I’m breaking every pre-established rule with this pick: It’s a commercial song (The Prodigy’s “Breathe”), it happened in the ECW (not WWE), and it involves wrestler who didn’t have a long-lasting impact … but you know what? Al Snow was pure magic in 1998 and nobody can tell me differently. Anyone who can blend electronic music with mannequin heads and sway an entire crowd to chant “Head! Head! Head! Head!” deserves the rules to be bent.17


Besides this YouTube clip, Snow lives on in his good friend Mick Foley’s two wrestling autobiographies as a punch line to about 150 Foley jokes. When Snow was working for WWE, they pretended Snow was mad about the book references and he “turned” on Foley, marking the first and only time a book was ever used as the catalyst for a wrestling feud. I feel like you need to know these things.


This was too good for its own good — fans loved it so much that the Outlaws (Jesse James and Bad Ass Billy Gunn18) felt obligated to stick to the same script every time. You had the guitar hook at the top (you knew it was them right away), then James screaming, “Ohhhhhhhhhh, you didn’t know? Your ass better callllllllllllll somebodyyyyyyy!” and everyone going ballistic. The song wasn’t that creative, so James ad-libbed for the next 35 seconds to kill time before doing his fake-announcer routine in the ring … which, by the way, went over so well that the fans shouted every word along with him, capped off by everyone screaming in unison, “The NEW … AGE … OUTLAWS!!!!!” And just when you thought it was over, Gunn grabbed the mic and yelled, “And if you’re not down with that, I got two words for you … SUCK IT!!!!!”


He wasn’t Mr. Ass yet. That came later.

You’re not going to believe this, but wrestling fans liked screaming “SUCK IT!” So much that the New Age Outlaws became trapped by their entrance — even after it became stale, they had to keep doing it the same exact way, leading to the first case of a fantastic entrance definitively affecting two career trajectories.19 By the way, Jesse James could come waltzing through my front door right now yelling, “Ohhhhhhhhhhhh, you didn’t know?” and I’d be 110 percent fired up without even knowing what was happening or how he got there. I wish my wife had thought of this for my 40th birthday party.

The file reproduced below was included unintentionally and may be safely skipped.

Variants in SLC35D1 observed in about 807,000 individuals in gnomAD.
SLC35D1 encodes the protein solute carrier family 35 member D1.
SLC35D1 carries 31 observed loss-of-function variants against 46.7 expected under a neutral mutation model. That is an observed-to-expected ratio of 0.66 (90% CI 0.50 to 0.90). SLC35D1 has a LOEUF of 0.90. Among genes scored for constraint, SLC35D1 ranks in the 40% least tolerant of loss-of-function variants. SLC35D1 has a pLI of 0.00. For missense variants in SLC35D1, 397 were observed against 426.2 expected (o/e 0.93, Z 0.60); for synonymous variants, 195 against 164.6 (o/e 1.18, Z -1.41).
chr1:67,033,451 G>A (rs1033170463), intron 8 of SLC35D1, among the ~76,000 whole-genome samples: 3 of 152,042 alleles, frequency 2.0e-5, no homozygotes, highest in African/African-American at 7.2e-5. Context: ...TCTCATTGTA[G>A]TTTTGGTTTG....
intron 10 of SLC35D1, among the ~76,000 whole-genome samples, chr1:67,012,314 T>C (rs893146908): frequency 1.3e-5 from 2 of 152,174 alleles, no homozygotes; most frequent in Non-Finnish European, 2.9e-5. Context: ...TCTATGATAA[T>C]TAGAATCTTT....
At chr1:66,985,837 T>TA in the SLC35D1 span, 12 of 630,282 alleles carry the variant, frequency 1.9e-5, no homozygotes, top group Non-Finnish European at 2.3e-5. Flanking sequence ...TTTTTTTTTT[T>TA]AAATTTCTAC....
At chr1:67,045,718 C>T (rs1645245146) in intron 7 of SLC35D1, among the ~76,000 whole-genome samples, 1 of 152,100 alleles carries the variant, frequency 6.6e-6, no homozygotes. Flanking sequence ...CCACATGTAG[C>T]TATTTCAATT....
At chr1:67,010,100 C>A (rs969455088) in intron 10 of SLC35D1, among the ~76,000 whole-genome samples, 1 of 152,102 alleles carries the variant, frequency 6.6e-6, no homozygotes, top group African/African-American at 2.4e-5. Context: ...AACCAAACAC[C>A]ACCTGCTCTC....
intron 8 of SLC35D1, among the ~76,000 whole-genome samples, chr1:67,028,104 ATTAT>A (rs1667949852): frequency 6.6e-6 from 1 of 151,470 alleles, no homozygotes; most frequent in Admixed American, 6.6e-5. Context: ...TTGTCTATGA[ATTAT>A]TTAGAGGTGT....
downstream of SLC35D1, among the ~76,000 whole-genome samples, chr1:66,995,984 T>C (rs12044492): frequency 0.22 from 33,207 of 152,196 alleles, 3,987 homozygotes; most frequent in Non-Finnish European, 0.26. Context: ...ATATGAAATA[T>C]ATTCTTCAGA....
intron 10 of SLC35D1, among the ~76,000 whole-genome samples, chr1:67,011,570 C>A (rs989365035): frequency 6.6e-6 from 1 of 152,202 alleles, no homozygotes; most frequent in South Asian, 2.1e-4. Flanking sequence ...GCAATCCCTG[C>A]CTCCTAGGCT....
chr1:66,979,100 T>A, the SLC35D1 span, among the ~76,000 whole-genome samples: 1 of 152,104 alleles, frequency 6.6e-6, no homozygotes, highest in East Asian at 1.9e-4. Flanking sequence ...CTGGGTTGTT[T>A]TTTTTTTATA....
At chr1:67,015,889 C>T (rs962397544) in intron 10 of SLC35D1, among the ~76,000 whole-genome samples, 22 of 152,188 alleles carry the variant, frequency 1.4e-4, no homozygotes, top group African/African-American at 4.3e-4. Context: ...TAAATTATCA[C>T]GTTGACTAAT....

Grande notes that “the funny part of the New Age Outlaws being trapped by the entrance is that even when they turned heel, they kept doing that entrance because they didn’t want to give it up. One of the best fan signs ever: at Raw, the Road Dog was doing his thing and a fan in the front row holds up a huge sign that says ‘YOU’RE HEELS!’”


That’s a link from Jericho’s WWE debut in 1999. In the span of two minutes, he steals the crowd’s attention from The Rock with a “COUNTDOWN TO THE MILLENNIUM” video (bonus points for getting Jerry Lawler to stammer, “What? What?”), followed by the lights going dark (always a winner), then fireworks (ditto), then a really catchy song with a quick hook kicking in (“Break the wall downnnnnnnnnn”), then his name flashing on the video screen (huge pop as everyone says, “Good God, it’s Chris Jericho! He’s here!”) … and then, he keeps it going by milking the “standing still with my arms out while facing the other direction” move (one of my all-time favorites), unleashing his soon-to-be signature “Welcome to Raw … is … JERICHO!” line (more cheers), then pulling a second signature pose (slightly hunched over, staring at the crowd defiantly) with the song cranking behind him. From there, he establishes his “Y2J” theme (a clever play on the whole Y2K scare) and a general expectation of ensuing anarchy.

This entrance nails every point on my checklist: great use of video, great hook at the top, great posing, some underlying emotion (WWE fans felt like Jericho was underutilized at WCW, so they cheered extra-hard as something of an Eff You to the other guys), fireworks, a catch phrase … really, it’s the G.O.A.T. of wrestling entrances. Throw in his in-ring skills (top-notch) and I would have wagered anything at that specific moment that Chris Jericho was going to become a superduperstar. Didn’t quite happen.

That’s the thing about wrestling — momentum ebbs and flows, fans get bored easily, everyone’s always looking for the Next Guy. Twelve years ago, it was Chris Jericho. Right now, it’s CM Punk. We’ll see if he can hold on for the ride.

Bill Simmons is the Editor in Chief of Grantland and the author of the recent New York Times no. 1 best-seller The Book of Basketball, now out in paperback with new material and a revised Hall of Fame Pyramid. For every Simmons column and podcast, log on to Grantland. Follow him on Twitter and check out his new home on Facebook.